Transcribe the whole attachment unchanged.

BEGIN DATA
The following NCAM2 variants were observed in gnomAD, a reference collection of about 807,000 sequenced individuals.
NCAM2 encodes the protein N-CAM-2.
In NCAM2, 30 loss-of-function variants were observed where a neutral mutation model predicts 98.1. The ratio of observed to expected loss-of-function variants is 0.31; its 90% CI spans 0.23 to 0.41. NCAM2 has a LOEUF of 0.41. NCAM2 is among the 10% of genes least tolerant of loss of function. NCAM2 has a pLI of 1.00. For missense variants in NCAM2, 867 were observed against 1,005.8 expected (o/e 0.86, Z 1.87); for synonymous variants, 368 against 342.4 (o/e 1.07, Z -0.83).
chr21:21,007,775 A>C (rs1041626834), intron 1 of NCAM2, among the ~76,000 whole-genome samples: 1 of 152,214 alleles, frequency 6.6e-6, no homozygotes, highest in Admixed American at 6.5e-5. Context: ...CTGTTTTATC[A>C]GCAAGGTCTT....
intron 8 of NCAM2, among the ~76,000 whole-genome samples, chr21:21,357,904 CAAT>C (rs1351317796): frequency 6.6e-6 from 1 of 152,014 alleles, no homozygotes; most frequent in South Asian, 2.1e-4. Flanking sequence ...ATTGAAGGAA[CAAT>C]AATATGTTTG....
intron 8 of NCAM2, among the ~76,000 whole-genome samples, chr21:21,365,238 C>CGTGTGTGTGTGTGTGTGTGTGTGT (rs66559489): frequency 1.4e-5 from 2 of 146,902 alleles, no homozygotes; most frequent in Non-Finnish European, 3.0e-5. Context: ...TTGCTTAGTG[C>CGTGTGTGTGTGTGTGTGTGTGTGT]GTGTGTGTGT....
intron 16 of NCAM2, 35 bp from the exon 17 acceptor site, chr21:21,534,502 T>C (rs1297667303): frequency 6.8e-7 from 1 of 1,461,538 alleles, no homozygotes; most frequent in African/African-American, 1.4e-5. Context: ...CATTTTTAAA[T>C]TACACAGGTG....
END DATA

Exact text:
The following NCAM2 variants were observed in gnomAD, a reference collection of about 807,000 sequenced individuals.
NCAM2 encodes the protein N-CAM-2.
In NCAM2, 30 loss-of-function variants were observed where a neutral mutation model predicts 98.1. The ratio of observed to expected loss-of-function variants is 0.31; its 90% CI spans 0.23 to 0.41. NCAM2 has a LOEUF of 0.41. NCAM2 is among the 10% of genes least tolerant of loss of function. NCAM2 has a pLI of 1.00. For missense variants in NCAM2, 867 were observed against 1,005.8 expected (o/e 0.86, Z 1.87); for synonymous variants, 368 against 342.4 (o/e 1.07, Z -0.83).
chr21:21,007,775 A>C (rs1041626834), intron 1 of NCAM2, among the ~76,000 whole-genome samples: 1 of 152,214 alleles, frequency 6.6e-6, no homozygotes, highest in Admixed American at 6.5e-5. Context: ...CTGTTTTATC[A>C]GCAAGGTCTT....
intron 8 of NCAM2, among the ~76,000 whole-genome samples, chr21:21,357,904 CAAT>C (rs1351317796): frequency 6.6e-6 from 1 of 152,014 alleles, no homozygotes; most frequent in South Asian, 2.1e-4. Flanking sequence ...ATTGAAGGAA[CAAT>C]AATATGTTTG....
intron 8 of NCAM2, among the ~76,000 whole-genome samples, chr21:21,365,238 C>CGTGTGTGTGTGTGTGTGTGTGTGT (rs66559489): frequency 1.4e-5 from 2 of 146,902 alleles, no homozygotes; most frequent in Non-Finnish European, 3.0e-5. Context: ...TTGCTTAGTG[C>CGTGTGTGTGTGTGTGTGTGTGTGT]GTGTGTGTGT....
intron 16 of NCAM2, 35 bp from the exon 17 acceptor site, chr21:21,534,502 T>C (rs1297667303): frequency 6.8e-7 from 1 of 1,461,538 alleles, no homozygotes; most frequent in African/African-American, 1.4e-5. Context: ...CATTTTTAAA[T>C]TACACAGGTG....